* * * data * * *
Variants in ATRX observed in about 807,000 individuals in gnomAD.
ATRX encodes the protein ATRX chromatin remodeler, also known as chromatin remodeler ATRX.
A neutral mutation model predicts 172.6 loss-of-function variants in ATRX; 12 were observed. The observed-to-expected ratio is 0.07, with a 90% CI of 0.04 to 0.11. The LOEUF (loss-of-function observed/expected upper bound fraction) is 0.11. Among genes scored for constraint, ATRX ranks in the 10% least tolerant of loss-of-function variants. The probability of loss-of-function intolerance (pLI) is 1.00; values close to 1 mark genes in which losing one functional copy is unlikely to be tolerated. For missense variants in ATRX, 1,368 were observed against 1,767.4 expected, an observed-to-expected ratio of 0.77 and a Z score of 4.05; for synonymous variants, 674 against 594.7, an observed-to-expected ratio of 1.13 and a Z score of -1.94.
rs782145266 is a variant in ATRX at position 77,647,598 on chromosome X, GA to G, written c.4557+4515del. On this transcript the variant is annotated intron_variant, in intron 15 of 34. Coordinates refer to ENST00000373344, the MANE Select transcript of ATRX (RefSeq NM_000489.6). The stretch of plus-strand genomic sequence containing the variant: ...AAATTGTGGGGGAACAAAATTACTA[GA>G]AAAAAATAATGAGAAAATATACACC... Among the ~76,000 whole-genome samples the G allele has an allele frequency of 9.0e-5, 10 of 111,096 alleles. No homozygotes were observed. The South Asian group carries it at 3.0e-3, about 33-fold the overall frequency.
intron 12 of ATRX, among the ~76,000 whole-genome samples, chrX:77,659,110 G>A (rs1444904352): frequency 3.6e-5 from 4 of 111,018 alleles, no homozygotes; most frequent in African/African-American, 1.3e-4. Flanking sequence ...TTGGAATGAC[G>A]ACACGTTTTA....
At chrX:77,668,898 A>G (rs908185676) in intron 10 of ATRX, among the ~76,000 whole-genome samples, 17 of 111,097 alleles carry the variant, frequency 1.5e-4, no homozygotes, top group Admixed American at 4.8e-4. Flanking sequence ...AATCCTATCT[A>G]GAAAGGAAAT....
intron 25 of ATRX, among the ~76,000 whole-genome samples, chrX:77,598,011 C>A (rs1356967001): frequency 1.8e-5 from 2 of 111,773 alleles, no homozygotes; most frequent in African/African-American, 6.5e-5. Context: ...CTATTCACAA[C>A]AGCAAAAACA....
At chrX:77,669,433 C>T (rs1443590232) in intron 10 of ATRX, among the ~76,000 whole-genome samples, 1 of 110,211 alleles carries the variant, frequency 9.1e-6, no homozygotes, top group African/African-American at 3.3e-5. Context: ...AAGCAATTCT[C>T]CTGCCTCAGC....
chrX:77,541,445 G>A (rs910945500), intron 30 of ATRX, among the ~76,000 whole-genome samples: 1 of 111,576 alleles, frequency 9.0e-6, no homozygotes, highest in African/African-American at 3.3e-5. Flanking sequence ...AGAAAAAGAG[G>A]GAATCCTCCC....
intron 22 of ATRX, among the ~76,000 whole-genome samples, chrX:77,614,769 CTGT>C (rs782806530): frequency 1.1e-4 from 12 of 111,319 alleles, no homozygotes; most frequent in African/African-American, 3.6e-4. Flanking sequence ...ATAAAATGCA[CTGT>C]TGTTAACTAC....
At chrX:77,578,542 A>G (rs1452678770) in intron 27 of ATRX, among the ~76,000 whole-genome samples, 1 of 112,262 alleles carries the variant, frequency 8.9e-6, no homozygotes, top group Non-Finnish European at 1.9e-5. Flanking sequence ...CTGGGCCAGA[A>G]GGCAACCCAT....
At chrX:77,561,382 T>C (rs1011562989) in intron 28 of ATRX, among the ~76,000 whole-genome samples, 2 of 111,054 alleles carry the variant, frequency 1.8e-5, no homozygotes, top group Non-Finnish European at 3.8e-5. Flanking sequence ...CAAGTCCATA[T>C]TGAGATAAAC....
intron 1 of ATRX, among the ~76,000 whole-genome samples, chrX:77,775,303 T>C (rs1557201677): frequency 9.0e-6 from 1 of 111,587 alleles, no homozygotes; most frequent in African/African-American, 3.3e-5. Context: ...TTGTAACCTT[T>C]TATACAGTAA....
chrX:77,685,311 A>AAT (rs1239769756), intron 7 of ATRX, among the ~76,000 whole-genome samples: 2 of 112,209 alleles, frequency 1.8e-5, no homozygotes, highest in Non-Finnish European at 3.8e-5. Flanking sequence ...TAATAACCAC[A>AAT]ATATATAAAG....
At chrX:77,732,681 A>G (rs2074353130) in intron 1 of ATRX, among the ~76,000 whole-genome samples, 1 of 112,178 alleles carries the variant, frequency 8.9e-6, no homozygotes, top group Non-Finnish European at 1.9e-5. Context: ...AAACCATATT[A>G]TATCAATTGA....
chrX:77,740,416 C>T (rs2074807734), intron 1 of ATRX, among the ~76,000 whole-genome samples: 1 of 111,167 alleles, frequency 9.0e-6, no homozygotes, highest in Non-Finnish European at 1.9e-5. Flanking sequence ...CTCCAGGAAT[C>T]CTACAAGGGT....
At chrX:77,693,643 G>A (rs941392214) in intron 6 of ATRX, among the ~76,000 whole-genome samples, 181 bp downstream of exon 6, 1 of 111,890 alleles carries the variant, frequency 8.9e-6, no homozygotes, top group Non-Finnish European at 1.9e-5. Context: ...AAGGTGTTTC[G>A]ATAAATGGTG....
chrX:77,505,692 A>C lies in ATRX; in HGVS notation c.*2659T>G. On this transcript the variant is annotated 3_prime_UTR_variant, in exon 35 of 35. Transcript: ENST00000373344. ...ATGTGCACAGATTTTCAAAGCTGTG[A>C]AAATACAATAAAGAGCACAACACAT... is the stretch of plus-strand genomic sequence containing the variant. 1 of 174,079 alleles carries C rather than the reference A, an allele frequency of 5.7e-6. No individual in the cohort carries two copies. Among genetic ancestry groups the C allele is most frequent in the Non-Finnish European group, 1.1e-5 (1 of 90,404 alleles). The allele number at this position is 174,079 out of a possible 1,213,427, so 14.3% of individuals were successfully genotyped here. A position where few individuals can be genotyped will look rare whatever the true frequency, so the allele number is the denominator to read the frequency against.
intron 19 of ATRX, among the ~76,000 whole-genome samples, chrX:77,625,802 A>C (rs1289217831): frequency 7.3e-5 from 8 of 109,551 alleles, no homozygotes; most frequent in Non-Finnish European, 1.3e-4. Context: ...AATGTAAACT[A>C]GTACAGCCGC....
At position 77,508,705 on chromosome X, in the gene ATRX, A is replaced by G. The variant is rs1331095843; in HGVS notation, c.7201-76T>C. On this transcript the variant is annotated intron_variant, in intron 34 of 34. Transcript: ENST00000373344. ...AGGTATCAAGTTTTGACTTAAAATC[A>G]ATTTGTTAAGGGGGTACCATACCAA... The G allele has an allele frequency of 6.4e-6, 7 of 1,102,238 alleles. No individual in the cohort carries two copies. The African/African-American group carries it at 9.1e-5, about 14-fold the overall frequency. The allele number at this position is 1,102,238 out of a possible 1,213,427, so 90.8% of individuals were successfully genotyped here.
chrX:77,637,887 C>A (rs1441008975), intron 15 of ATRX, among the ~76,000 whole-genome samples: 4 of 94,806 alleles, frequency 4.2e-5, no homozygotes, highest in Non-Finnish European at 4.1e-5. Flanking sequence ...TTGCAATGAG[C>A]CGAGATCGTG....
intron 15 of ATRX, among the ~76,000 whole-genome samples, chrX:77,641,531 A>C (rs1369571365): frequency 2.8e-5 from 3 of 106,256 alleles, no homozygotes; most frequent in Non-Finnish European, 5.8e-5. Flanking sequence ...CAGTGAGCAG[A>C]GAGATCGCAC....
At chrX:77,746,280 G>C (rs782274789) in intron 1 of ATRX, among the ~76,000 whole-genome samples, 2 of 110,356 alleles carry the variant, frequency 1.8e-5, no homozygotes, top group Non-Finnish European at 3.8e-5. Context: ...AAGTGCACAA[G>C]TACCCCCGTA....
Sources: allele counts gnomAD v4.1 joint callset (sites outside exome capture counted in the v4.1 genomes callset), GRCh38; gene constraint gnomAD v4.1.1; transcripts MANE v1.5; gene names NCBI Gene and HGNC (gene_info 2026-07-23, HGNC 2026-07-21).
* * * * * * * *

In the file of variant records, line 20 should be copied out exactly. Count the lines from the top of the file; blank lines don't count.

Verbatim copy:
At position 77,508,705 on chromosome X, in the gene ATRX, A is replaced by G. The variant is rs1331095843; in HGVS notation, c.7201-76T>C. On this transcript the variant is annotated intron_variant, in intron 34 of 34. Transcript: ENST00000373344. ...AGGTATCAAGTTTTGACTTAAAATC[A>G]ATTTGTTAAGGGGGTACCATACCAA... The G allele has an allele frequency of 6.4e-6, 7 of 1,102,238 alleles. No individual in the cohort carries two copies. The African/African-American group carries it at 9.1e-5, about 14-fold the overall frequency. The allele number at this position is 1,102,238 out of a possible 1,213,427, so 90.8% of individuals were successfully genotyped here.